Today we have the pleasure to review the Berlin Woodwinds Soloists bundle. This new bundle includes the two former Berlin Woodwinds Expansions B & C, now known as Berlin Woodwinds Soloists 1 & 2. Orchestral Tools recently ported them to their own SINE player format.
We were kindly provided with a copy to check Berlin Woodwinds Soloists out.
Berlin Woodwinds Soloists 1 & 2 features nine solo instruments: a flute, an alto flute, an oboe, an English horn, a clarinet, a bass flute, a bass oboe, a bass clarinet, and a bassoon. Contrary to the main Berlin Woodwinds library which was captured at the Teldex scoring stage, all the soloists here were recorded in the Teldex Solo Booth. This results in very dry-sounding recordings that allow for maximum spatial flexibility. For each woodwind instrument, we get to choose from two spot microphone positions. It is good to note that although these two libraries were released as expansions to the flagship Berlin Woodwinds, they can just as well be used as solid standalone instruments.
The two libraries mainly focus on expressive, lyrical playing techniques to perform exposed passages in an authentic way. Here is a quick overview of the patches included:
- Sustains (crescendo and decrescendo)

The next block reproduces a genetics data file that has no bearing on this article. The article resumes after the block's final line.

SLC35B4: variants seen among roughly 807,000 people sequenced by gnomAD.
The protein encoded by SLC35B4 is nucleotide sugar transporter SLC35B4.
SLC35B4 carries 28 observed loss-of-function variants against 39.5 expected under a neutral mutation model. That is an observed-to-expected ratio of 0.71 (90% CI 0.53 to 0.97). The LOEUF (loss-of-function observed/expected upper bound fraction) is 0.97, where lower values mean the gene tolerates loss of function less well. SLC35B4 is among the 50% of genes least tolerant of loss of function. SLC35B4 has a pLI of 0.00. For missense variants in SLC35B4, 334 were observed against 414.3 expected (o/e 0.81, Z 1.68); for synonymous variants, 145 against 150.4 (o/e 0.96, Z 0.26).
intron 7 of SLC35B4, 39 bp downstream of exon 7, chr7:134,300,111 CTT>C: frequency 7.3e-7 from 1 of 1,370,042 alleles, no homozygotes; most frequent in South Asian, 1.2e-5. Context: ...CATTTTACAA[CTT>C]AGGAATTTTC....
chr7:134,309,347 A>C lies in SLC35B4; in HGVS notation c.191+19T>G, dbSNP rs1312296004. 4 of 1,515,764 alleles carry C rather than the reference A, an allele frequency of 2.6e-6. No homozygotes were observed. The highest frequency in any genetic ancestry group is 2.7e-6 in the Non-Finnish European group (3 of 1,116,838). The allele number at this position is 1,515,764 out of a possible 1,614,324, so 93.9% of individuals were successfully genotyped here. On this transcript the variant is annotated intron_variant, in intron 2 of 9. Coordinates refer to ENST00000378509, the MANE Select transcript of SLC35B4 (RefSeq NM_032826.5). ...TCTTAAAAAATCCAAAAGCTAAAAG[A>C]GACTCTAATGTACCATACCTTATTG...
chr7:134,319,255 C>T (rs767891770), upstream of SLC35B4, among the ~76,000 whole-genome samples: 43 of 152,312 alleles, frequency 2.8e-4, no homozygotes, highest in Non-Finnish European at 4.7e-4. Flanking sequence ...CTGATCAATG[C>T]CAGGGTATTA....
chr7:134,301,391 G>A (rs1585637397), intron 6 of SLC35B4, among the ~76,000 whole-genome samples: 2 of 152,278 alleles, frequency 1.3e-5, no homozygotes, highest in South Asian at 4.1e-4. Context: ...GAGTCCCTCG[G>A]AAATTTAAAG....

- Portato (long and short)
- Trills (half-tone and whole-tone)
- Ornaments (half-tone and whole-tone, up and down)
- Breath noises
In line with their plan to convert their product catalog to their own player format, Orchestral Tools now offers the Berlin Woodwinds Soloists 1 & 2 as SINE libraries. As with their previous SINE releases, this gives composers the ability to purchase individual instruments of a product separately, or to download different parts of the libraries à la carte. This is a huge advantage for customers wanting to stagger their purchases over time for example.
Just as with the other SINE releases, the same features, inherited from OT’s CAPSULE Player, are also present in Berlin Woodwinds Soloists. Out of these, some of the most notable ones include allowing users to apply legato transitions to all articulations, excluding particular round-robins if needed, and morphing two articulations together by using the cool Polymapping function.
ARTICULATIONS AND SOUND
Berlin Woodwinds Soloists 1 & 2 includes seven articulations across all sections, although some instruments have an added Trill, Ornaments, or even “Breath noise” articulation. All the articulations are recorded in just a single mf dynamic layer.
There are two things we can immediately notice as we play through the patches. The first one is that the samples are extremely dry. As the players were recorded in the Teldex Solo Booth, there literally isn’t any sense room, no audible tail. This is of course a conscious choice so that composers are free to choose which reverb they want to apply. This makes the libraries as versatile as possible.